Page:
Like as the hart desireth the water-brooks, so longeth my soul after thee O God.
Thank god for England, and for English country churches. For their jolly vicars, the kindly church wardens and those who “do” the flowers and dust the flagstone floors.
For the organists and choirs and the village ladies in their funny hats and sensible shoes. England, this England.
We shall miss it when it has gone, all this. When our heritage has been stolen by the greedy developers and our churches have been converted to flats, or worse, bingo halls.
Get there while you still can. While the barbarians yet beat at our doors, held off but by the thinnest of lines; go and sit in a quiet shrine and contemplate the infinite. Or, if you prefer, the cosmos and our place in it. Or any manner of things. But go while it lasts and pick up a book of Psalms.
Better still, read it out loud while there is nobody about on a blustery May day and see how our ancestors lamented, wailed and gnashed their teeth in oh, so modern a fashion.
Why are you so full of heaviness, O my soul, and why are you so disquieted within me?
Like all the Psalms of David, this quiet and beautiful piece of poetry has been recited in synagogue and church for thousands of years. It has been chanted in plainsong, it has been sung in magnificent polyphony. It has been accompanied by the organ and the orchestra. It has been set to music by Felix Mendelssohn and many others.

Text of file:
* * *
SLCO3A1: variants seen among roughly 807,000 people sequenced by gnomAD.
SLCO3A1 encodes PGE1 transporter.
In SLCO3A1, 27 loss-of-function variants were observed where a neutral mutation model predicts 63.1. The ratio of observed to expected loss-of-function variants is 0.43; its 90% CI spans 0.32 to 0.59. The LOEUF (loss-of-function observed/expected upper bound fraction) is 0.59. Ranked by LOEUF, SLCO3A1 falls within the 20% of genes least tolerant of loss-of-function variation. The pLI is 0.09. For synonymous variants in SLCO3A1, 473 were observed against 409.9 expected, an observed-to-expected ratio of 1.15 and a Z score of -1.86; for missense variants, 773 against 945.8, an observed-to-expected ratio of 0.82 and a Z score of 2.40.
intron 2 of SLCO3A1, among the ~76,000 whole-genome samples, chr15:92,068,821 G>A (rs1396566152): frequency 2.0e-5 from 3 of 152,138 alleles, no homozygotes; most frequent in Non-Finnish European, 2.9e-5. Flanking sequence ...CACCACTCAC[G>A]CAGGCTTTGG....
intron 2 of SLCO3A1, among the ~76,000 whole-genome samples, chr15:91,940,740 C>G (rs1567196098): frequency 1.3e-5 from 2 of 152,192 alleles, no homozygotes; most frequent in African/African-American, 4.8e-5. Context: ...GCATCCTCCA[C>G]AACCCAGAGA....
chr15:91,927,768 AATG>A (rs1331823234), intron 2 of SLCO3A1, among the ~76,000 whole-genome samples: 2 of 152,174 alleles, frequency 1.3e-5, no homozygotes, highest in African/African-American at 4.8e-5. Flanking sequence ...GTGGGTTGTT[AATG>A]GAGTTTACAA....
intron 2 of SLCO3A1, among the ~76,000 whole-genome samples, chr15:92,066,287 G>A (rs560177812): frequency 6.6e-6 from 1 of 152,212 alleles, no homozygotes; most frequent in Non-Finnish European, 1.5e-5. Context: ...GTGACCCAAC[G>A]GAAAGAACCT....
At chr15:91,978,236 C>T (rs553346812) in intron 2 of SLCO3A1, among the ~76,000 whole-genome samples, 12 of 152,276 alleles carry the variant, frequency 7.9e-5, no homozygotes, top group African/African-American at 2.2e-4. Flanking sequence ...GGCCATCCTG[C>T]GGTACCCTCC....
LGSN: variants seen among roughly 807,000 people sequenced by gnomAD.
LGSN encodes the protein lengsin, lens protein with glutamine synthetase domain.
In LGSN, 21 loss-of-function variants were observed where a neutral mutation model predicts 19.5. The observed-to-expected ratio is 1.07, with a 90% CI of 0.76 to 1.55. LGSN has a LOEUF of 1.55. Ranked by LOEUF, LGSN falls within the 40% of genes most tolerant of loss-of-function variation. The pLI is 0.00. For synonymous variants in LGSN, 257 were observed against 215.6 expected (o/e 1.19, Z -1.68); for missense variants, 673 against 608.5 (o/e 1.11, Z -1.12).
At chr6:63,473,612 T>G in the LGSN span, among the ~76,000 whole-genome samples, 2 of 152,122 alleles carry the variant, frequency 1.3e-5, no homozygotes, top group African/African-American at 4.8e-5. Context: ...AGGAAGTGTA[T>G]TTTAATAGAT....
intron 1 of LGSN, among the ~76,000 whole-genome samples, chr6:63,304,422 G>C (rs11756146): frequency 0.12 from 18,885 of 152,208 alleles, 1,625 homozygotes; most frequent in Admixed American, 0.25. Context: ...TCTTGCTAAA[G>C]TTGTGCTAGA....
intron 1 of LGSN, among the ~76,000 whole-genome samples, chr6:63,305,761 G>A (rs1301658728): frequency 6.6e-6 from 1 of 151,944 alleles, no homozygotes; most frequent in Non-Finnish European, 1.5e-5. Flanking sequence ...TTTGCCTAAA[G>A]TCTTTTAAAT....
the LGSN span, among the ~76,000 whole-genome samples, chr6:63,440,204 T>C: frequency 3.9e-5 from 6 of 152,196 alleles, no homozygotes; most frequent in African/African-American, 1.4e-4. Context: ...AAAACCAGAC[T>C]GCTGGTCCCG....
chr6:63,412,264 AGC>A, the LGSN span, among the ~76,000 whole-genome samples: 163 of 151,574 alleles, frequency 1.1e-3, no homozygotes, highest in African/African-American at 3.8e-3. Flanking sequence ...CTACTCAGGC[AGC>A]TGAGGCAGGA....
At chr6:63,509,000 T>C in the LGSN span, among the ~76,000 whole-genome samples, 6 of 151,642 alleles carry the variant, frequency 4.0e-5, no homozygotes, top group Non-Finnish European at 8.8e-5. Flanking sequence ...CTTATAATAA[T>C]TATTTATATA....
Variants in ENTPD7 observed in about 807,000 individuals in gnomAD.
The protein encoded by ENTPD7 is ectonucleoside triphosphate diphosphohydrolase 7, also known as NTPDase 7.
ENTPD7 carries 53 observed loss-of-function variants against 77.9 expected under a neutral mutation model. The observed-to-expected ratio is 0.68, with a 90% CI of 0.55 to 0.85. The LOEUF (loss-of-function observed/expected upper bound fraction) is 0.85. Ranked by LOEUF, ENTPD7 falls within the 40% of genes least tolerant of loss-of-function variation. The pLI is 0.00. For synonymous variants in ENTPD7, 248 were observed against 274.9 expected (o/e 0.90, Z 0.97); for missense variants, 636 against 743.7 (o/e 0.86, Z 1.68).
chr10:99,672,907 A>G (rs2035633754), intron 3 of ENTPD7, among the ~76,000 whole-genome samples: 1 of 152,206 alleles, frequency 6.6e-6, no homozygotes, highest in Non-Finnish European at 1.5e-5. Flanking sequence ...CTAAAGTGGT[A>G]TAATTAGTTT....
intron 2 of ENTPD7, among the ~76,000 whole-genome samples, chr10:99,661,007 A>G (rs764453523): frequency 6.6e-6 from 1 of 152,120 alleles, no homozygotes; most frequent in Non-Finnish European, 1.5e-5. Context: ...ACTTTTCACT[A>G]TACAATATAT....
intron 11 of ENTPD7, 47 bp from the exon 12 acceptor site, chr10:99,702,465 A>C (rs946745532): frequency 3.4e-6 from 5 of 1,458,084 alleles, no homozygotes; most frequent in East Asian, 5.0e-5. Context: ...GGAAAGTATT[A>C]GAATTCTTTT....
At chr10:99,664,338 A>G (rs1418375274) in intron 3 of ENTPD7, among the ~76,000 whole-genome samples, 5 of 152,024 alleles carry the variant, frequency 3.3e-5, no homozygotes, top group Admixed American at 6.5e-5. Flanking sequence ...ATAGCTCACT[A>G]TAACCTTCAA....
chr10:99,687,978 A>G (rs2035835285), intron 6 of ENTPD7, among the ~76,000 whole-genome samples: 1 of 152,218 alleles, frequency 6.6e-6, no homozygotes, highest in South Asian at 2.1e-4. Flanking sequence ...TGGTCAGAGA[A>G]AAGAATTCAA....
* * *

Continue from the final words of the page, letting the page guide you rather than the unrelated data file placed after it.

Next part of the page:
Wie der Hirsch schreit….Was betrübst du dich, meine Seele?
How modern is the writer’s lament. Help me, do not desert me in my hour of need. Why is my heart so heavy, my soul so burdened. Who was he this poet? Where was he?
A Jew in a foreign land it is said, unable to worship his god in the temple in Jerusalem. Exiled perhaps. Wandering aimlessly in sadness, a captive or slave longing for his freedom and his home. By the rivers of Babylon.
Am I a closet believer a friend asked me today? No I don’t think so. I just appreciate sentiment, beauty wherever it is to be found. And performance, yes that too. To speak these verses as they were meant, to bring out their meaning. To sing the psalm to the glorious setting by Mendelssohn.
And yet some part of me shares those sentiments. Those longings.
Where is Now Thy God?